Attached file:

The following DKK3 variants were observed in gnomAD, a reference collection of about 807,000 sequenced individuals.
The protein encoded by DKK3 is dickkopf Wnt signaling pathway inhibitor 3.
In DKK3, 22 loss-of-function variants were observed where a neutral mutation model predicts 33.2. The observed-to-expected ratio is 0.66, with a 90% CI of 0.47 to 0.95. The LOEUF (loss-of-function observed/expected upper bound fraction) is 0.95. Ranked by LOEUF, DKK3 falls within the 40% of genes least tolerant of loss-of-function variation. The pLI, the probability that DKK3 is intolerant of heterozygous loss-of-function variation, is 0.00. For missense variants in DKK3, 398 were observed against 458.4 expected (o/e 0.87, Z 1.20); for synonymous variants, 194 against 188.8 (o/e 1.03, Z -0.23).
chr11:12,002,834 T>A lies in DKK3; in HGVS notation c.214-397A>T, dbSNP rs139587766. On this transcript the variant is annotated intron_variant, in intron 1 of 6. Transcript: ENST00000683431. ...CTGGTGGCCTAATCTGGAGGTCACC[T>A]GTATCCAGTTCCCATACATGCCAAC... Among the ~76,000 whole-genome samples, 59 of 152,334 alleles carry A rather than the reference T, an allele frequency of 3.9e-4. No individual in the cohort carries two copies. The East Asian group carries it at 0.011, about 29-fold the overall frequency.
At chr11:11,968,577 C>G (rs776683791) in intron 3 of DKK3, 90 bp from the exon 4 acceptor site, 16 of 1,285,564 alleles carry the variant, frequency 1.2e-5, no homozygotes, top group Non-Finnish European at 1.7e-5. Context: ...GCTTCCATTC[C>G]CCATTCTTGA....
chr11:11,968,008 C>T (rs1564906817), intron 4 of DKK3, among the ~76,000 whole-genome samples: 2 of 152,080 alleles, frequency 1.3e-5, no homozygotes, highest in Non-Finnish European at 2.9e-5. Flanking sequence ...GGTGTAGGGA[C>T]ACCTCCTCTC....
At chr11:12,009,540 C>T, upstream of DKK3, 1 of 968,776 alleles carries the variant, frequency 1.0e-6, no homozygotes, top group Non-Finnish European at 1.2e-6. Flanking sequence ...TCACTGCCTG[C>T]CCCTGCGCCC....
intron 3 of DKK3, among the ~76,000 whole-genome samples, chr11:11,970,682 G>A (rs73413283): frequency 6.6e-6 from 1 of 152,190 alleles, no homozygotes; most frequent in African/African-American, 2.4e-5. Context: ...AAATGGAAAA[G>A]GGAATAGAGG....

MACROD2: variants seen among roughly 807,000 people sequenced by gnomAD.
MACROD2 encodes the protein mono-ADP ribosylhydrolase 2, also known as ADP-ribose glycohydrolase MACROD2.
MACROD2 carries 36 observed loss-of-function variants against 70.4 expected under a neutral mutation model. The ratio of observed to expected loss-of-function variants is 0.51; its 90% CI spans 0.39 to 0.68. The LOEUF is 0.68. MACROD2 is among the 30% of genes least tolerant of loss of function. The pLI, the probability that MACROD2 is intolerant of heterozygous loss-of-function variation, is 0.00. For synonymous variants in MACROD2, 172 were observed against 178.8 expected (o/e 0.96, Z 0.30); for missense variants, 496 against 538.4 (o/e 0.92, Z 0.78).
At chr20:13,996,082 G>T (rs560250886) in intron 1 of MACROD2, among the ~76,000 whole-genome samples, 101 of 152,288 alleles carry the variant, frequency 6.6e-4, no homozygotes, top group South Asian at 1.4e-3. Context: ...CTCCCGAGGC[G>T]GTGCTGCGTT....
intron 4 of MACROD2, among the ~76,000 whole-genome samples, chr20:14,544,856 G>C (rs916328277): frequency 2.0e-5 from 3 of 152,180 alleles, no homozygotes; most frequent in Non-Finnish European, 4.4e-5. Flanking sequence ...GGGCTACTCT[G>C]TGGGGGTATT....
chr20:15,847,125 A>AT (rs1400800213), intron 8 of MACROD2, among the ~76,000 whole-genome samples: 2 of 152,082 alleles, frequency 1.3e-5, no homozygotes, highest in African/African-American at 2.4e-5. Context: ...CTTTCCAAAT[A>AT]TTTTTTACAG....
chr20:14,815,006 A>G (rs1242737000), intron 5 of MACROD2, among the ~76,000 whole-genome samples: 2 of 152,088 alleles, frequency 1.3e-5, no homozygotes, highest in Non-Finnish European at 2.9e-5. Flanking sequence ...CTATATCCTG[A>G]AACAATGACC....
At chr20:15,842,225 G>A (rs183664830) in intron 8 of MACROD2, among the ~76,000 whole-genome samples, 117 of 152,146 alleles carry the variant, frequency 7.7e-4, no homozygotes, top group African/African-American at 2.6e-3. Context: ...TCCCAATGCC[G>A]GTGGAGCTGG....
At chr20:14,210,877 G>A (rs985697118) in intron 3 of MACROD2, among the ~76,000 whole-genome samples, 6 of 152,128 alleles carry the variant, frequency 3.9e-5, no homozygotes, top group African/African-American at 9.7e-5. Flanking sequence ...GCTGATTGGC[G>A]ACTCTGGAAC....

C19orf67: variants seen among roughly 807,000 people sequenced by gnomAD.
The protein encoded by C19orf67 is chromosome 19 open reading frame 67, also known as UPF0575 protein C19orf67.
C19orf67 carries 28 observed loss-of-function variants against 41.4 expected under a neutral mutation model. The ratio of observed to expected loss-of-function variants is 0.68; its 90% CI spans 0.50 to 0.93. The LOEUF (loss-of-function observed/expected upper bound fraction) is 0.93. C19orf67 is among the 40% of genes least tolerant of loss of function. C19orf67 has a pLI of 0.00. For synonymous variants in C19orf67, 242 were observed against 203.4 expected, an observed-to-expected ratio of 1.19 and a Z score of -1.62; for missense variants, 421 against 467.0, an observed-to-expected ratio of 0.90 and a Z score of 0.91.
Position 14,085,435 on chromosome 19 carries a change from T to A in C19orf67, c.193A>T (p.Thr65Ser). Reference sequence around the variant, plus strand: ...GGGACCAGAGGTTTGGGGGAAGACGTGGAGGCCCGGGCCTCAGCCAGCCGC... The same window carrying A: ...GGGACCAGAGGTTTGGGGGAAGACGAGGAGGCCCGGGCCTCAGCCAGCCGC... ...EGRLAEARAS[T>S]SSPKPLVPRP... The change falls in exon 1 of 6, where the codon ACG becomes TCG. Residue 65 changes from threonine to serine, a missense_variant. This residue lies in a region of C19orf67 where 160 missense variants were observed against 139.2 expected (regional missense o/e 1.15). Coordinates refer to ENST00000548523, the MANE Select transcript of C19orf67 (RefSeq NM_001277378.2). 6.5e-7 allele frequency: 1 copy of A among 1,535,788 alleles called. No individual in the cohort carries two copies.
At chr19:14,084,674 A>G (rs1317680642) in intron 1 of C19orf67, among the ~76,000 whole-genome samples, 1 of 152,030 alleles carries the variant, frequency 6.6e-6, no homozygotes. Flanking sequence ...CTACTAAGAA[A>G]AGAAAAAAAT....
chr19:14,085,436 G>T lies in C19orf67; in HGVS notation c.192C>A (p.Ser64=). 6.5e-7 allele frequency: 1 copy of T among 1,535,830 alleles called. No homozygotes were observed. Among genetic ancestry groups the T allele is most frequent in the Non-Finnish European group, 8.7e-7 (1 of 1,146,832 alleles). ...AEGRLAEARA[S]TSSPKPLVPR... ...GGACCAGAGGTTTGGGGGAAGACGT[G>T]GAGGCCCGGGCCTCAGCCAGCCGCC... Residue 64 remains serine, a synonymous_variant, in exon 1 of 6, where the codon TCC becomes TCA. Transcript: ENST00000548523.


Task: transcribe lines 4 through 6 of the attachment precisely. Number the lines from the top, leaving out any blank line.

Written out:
chr11:12,002,834 T>A lies in DKK3; in HGVS notation c.214-397A>T, dbSNP rs139587766. On this transcript the variant is annotated intron_variant, in intron 1 of 6. Transcript: ENST00000683431. ...CTGGTGGCCTAATCTGGAGGTCACC[T>A]GTATCCAGTTCCCATACATGCCAAC... Among the ~76,000 whole-genome samples, 59 of 152,334 alleles carry A rather than the reference T, an allele frequency of 3.9e-4. No individual in the cohort carries two copies. The East Asian group carries it at 0.011, about 29-fold the overall frequency.
At chr11:11,968,577 C>G (rs776683791) in intron 3 of DKK3, 90 bp from the exon 4 acceptor site, 16 of 1,285,564 alleles carry the variant, frequency 1.2e-5, no homozygotes, top group Non-Finnish European at 1.7e-5. Context: ...GCTTCCATTC[C>G]CCATTCTTGA....
chr11:11,968,008 C>T (rs1564906817), intron 4 of DKK3, among the ~76,000 whole-genome samples: 2 of 152,080 alleles, frequency 1.3e-5, no homozygotes, highest in Non-Finnish European at 2.9e-5. Flanking sequence ...GGTGTAGGGA[C>T]ACCTCCTCTC....